In summary, the snthetic peptide-induced anti-CRI, anti-idiotype antibodies of this invention, provide a new tool for studying the genetic basis of CRI in humans. Since the anti-CRI recognize only primary sequence-dependent determinants, they in essence identify phenotypic markers of the corresponding variable region genes. The peptide-induced anti-CRI thereby render unnecessary the breeding experiments that originally defined the genetic basis of CRI in animals. It has been shown that a RF-CRI is inherited among related members of a family. [Pasquali et al., J. Clin. Invest., 66, 863 (1980)]. The synthetic peptide-induced anti-CRI can thus help to delineate the genetic basis for the familial clustering of autoantibody-CRIs in patients with abnormal autoantibody production.
In particular, the eight synthetic peptides listed in Table 14, corresponding to heavy chain CDR sequences on human IgM-RF paraproteins, have been assessed to evaluate their ability to elicit specific anti-idiotypic antibodies. As discussed in detail in Section V, at least two different rabbit antisera were generated against each of eight different synthetic peptide-KLH conjugates, representing all three heavy chain CDRs of two monoclonal IgM-RFs (Sie, Pom), and the second and third CDRs of an additional IgM-RF (Wol). In all cases, potent and specific anti-peptide antibodies were produced. However, only the antisera against the third heavy chain CDRs reacted consistently with the corresponding heavy chain polypeptides, and with the intact IgM-RF proteins. These results with synthetic peptides strongly suggest that the third heavy chain CDR sequence is associated with an immunodominant idiotypic determinant.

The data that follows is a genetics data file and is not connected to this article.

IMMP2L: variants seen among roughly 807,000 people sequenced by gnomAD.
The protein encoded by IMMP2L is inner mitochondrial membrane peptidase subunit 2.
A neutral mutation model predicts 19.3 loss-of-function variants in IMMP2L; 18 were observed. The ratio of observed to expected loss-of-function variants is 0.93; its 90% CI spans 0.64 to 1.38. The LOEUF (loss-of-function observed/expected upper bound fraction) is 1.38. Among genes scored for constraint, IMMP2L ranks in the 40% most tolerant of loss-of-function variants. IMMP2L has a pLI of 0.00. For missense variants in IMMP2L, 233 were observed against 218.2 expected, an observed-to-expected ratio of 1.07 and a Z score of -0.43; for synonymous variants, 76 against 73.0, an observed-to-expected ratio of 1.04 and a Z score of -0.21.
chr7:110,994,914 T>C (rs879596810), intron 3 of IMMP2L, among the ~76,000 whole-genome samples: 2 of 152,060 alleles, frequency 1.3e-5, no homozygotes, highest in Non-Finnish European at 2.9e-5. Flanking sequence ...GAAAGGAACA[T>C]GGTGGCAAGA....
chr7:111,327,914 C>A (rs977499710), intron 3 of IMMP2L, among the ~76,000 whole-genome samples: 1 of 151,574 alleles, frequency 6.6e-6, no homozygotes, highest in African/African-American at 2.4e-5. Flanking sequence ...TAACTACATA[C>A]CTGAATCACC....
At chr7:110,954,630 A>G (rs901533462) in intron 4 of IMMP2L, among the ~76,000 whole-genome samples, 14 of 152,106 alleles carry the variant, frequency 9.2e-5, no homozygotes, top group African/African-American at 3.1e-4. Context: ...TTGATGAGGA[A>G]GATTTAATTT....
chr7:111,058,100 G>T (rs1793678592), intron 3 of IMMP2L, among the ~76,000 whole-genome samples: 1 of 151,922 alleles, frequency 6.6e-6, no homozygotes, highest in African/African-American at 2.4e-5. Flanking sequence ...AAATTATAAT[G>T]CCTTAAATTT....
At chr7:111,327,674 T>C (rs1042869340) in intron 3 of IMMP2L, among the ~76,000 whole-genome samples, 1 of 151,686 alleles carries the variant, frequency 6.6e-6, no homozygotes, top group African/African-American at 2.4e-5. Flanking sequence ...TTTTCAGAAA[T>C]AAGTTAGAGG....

In the well-defined murine anti-dextran [Clevinger et al., J. Exp. Med., 151, 1059 (1980)], anti-phosphocholine [Berek, Eur. J. Immunol, 14, 1043 (1984)], anti-galactan [Rudikoff et al., J. Exp. Med., 158, 1385 (1983)], and anti-arsonate [Gridley et al., J. Immunol, 134, 2, 1236 (1985)] antibody systems, the heavy chain D region segment has been shown to play an important role in the generation of immunodominant idiotypes. The D region is responsible for the majority of the sequence variability in the third CDR of mouse heavy chains, but often contributes little to antigen binding specificity. (Clevinger et al., supra.; Rudikoff et al., supra.).